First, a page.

Antipsychotic drugs treat psychosis, a collection of symptoms that affect your ability to tell what’s real and what isn’t. These drugs are a critical part of treating conditions that involve psychosis. Without them, many of these conditions are so disruptive or severe that they need 24/7 psychiatric care.
Antipsychotic medications are drugs that mainly treat psychosis-related conditions and symptoms. But taking an antipsychotic drug doesn’t always mean you have a symptom or condition related to psychosis. That’s because these drugs are very important for treating other conditions, too.
Psychosis isn’t a medical condition. It’s a collection of symptoms that indicate your brain isn’t processing certain kinds of information as it should. The symptoms all involve a disconnection from reality. The main symptoms are hallucinations and delusions. It can also involve disorganized thoughts and actions, or dampen how you show emotions.
There are two main types of antipsychotic medications:
First-generation (typical) antipsychotics
Second-generation (atypical) antipsychotics
All antipsychotics work by changing how your brain uses certain signals known as neurotransmitters. Cells throughout your nervous system have receptors, which are like locks, on their surfaces. Neurotransmitters are like keys, and they have very specific shapes.
If a neurotransmitter with the right shape attaches to a receptor, it can activate the cell and tell it to do something. Some neurotransmitters have nearly the right shape, but they don’t activate the cell. Instead, they block neurotransmitters that could activate the cell.
Antipsychotics rely on the lock-and-key system for neurotransmitters and receptors in different ways:
Antipsychotics treat conditions that cause or involve psychosis. Those include:
Providers may treat other conditions with antipsychotics, but those drugs aren’t their main treatment. These conditions include:
Antipsychotic medications see widespread use. Approximately 4 million adults in the U.S. have a prescription for at least one of these medications.
Antipsychotic medications have several benefits, including:
Antipsychotics are useful, but there are possible drawbacks. Antipsychotic medications can have various side effects and complications, including:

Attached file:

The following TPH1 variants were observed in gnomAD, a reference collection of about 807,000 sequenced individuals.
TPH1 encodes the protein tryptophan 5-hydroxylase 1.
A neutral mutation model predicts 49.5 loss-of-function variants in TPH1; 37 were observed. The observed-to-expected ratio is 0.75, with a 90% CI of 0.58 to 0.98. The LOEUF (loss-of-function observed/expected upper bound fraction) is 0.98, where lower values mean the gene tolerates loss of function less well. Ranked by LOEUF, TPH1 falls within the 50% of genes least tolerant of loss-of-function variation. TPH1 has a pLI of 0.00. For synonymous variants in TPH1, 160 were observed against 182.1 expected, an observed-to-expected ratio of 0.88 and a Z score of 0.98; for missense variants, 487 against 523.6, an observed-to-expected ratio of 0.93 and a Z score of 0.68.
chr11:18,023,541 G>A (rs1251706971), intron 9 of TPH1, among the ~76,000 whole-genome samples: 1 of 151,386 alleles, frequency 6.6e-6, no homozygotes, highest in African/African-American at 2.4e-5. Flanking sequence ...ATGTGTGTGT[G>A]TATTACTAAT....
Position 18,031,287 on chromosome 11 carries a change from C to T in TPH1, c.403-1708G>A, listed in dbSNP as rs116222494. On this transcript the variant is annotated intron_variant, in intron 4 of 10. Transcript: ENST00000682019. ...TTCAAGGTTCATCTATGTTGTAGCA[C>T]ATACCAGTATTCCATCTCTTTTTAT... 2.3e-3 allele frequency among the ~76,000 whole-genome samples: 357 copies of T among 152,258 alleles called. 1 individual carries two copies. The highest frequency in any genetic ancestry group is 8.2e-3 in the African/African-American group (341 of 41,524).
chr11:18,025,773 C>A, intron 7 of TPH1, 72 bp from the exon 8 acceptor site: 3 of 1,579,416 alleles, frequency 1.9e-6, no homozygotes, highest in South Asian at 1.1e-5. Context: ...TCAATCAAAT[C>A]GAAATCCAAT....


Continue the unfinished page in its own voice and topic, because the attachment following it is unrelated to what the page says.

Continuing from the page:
Other less serious side effects can include:
Some antipsychotic medications are for short-term use only. Others, you can take for years or even indefinitely. This can vary depending on the medication you take, why you take it, other conditions you have or medications you take, side effects that you experience or want to avoid and much more. Your healthcare provider is the best person to tell you what they recommend when it comes to how long you take one of these medications.
Some antipsychotic drugs can cause you to feel tired or sleepy. You should talk to your doctor about whether or not you can drive after you take one of these drugs. They can tell you when it’s safe to drive and what you can do to minimize side effects that could affect driving.
Several conditions can get worse if you take antipsychotics. Fortunately, there are many different antipsychotic medications, so your healthcare provider can likely recommend one that has little or no risk of worsening another medical issue you have.
If you have any of the following, it’s important to tell your healthcare provider:
Antipsychotics may cause serious side effects or complications for some people. Your healthcare provider can tell you which symptoms to watch for and what you should do if you notice them.
In general, you should call your healthcare provider as soon as possible if you notice any of the following symptoms:
You should get immediate help if you have thoughts about harming yourself or others, or if you suspect someone you know is in danger of trying to harm themselves or others. Resources that can help include:
There’s no single answer to these questions. That’s because the best or safest antipsychotic drug for you may be different from the best drug for someone else, even someone else with the same condition. The biggest factors that determine what drug is best for you include:
Your healthcare provider is the best source of information about which drugs they recommend. They can help you understand why they recommend a drug and what you should expect.
The most commonly prescribed first-generation antipsychotic drugs are:
The most commonly prescribed second-generation antipsychotics are:
A note from Cleveland Clinic
Antipsychotics are a key medication for treating psychosis, a collection of symptoms that affect your understanding of what’s real and what isn’t. Psychosis symptoms can happen with many conditions, and these conditions can be extremely severe and disruptive.
Antipsychotics offer a treatment option that can help people who would otherwise need in-hospital mental healthcare. That means antipsychotics can help people experiencing psychosis-related conditions return to their homes, lives and routines.
Last reviewed by a Cleveland Clinic medical professional on 02/12/2023.
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